Advertisement
YOU ARE HERE: LAT HomeCollections

Blue Chips in Favor as Dow Climbs 6.63

December 03, 1987|From Times Wire Services

NEW YORK — The stock market edged higher Wednesday in slow trading but a slight pullback in the dollar erased bigger gains made early in the session, with most of the buying interest concentrated on blue chip issues.

"We're seeing very selective buying," said Charles Jensen, analyst with MKI Securities.

The Dow Jones average of 30 industrials increased 6.63 to 1,848.97, after rising about 9 points Tuesday.

But in the broader market, about the same number of stocks fell and rose in value on the New York Stock Exchange, with 756 issues down, 745 up and 456 unchanged.

The Wilshire index of 5,000 equities closed at 2,280.852, up 9.291 from Tuesday.

Volume on the Big Board totaled 148.89 million shares, slightly lower than Tuesday's 149.87.

The market got off to a shaky start, with the Dow industrial average falling about 11 points shortly after the opening bell in reaction to the dollar's initial weakness in foreign exchange.

As the dollar improved overseas, stock prices also recovered, although most of the gains were in blue chips. The dollar later fell back in U.S. trading.

Traders said computerized program trading contributed to a late afternoon rally that pushed up the Dow industrial average around 20 points, but program trades also helped erase most of the gains minutes before the session ended.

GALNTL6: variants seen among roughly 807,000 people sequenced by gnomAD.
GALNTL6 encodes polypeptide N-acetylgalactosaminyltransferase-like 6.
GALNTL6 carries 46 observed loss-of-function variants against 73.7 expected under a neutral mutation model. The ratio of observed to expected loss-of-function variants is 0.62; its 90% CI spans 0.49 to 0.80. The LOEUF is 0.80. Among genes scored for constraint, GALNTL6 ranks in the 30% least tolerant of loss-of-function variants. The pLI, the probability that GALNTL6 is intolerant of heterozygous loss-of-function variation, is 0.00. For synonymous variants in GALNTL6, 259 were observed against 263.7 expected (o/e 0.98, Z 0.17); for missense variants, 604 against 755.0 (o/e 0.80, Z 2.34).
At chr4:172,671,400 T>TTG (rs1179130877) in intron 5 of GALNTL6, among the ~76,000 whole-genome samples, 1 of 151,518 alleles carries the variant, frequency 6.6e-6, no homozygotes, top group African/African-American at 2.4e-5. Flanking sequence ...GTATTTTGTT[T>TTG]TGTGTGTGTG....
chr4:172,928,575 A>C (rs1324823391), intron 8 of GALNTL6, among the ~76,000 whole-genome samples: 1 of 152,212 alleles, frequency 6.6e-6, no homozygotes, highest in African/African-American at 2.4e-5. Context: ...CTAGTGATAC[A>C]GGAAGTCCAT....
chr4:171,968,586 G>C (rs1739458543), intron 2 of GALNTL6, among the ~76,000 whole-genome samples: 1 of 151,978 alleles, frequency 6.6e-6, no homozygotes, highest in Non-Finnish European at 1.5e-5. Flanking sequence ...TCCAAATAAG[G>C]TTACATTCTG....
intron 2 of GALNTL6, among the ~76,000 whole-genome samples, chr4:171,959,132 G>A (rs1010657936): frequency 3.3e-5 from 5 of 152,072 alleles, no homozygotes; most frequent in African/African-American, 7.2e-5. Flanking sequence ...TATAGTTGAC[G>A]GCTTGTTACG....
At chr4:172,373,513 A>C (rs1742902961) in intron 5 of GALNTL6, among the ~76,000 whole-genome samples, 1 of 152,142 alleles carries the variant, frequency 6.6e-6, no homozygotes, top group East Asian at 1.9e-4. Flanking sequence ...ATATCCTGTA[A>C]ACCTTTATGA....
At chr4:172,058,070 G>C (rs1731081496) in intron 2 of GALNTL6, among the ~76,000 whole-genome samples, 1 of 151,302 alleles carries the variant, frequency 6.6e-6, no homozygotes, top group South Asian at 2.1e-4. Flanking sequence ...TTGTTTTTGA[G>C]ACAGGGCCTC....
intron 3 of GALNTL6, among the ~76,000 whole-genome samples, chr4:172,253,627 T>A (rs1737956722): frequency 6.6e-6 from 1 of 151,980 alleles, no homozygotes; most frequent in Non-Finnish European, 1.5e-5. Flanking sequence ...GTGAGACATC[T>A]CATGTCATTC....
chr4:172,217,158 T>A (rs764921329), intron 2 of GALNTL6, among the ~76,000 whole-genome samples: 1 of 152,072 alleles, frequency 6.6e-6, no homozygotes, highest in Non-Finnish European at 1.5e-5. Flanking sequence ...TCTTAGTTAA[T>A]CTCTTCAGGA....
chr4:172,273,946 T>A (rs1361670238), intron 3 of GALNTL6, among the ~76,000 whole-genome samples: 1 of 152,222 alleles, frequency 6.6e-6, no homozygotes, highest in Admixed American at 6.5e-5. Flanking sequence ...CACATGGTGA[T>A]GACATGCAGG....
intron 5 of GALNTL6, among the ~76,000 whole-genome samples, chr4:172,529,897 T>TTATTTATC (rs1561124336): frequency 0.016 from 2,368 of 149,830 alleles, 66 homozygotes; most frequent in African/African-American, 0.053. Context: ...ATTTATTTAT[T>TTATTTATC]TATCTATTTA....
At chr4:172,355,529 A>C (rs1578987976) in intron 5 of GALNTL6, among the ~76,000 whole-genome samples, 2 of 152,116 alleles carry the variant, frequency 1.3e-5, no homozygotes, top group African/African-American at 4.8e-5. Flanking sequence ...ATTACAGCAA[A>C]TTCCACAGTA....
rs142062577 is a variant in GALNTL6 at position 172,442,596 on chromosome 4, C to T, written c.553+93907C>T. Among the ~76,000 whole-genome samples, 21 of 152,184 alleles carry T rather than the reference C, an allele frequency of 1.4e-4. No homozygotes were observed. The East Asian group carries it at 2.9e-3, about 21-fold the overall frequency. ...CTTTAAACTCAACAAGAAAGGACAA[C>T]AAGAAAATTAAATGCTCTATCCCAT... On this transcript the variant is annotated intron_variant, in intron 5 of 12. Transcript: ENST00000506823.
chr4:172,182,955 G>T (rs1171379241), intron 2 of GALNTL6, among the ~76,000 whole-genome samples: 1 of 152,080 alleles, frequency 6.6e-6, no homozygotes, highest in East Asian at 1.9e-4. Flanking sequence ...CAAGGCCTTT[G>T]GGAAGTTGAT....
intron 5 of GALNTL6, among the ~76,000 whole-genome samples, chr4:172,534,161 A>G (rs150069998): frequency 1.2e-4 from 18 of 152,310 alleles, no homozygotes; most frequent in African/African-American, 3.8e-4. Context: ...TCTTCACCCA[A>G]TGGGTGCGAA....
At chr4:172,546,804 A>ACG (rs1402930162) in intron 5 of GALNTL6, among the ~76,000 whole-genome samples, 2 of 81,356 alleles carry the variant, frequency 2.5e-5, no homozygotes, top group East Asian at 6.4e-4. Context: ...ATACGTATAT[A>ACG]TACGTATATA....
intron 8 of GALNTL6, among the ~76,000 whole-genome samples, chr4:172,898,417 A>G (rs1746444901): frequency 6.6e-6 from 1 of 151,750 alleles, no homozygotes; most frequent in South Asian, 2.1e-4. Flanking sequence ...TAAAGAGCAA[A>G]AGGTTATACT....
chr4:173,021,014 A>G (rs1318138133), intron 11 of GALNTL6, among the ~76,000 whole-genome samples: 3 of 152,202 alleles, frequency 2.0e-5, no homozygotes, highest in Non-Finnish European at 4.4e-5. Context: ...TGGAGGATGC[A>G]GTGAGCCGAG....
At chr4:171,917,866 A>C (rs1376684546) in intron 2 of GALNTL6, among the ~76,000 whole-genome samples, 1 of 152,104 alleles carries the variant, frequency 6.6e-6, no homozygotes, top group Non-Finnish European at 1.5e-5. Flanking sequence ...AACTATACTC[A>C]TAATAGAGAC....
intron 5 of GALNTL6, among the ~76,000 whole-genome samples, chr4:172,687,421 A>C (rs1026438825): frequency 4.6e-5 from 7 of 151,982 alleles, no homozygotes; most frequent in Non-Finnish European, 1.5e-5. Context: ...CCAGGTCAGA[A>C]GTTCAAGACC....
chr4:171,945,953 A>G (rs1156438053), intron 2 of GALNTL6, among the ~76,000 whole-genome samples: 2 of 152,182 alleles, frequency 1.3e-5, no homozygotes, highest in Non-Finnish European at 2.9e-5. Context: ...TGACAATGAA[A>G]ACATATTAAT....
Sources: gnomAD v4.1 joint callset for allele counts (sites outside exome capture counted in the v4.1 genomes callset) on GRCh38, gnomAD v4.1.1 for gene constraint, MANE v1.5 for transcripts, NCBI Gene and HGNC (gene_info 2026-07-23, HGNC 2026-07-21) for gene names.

Year-End Blues

Program trading is a strategy in which traders use computers to play off differences between futures options and other instruments and their underlying "baskets" of stocks.

Jensen said many investors traded secondary stocks for "more conservative issues," such as blue chips, as they neared the end of another tax year.

"The broad market is suffering from the year-end blues and the profit taking or tax selling that goes on this time of year," he said.

Still, Alfred Goldman, a technical analyst with A. G. Edwards & Sons, noted that many stock traders stayed on the sidelines. "Nobody . . . wants to dive in and make a commitment, and that's showing in the light volume as well as the drifting level of the market."

Among actively traded blue chip stocks, International Business Machines was down 3/4 to 110 1/2; American Telephone and Telegraph was up 1/8 to 27 1/8; Exxon was up 3/4 at 37 3/4, and Eastman Kodak was up 1/8 to 45 3/4.

E. F. Hutton fell to 27 3/8 in active trading. The securities firm reportedly reached a tentative agreement to be acquired by Shearson Lehman Bros. for about $1 billion.

Advertisement
Los Angeles Times Articles
|
|
|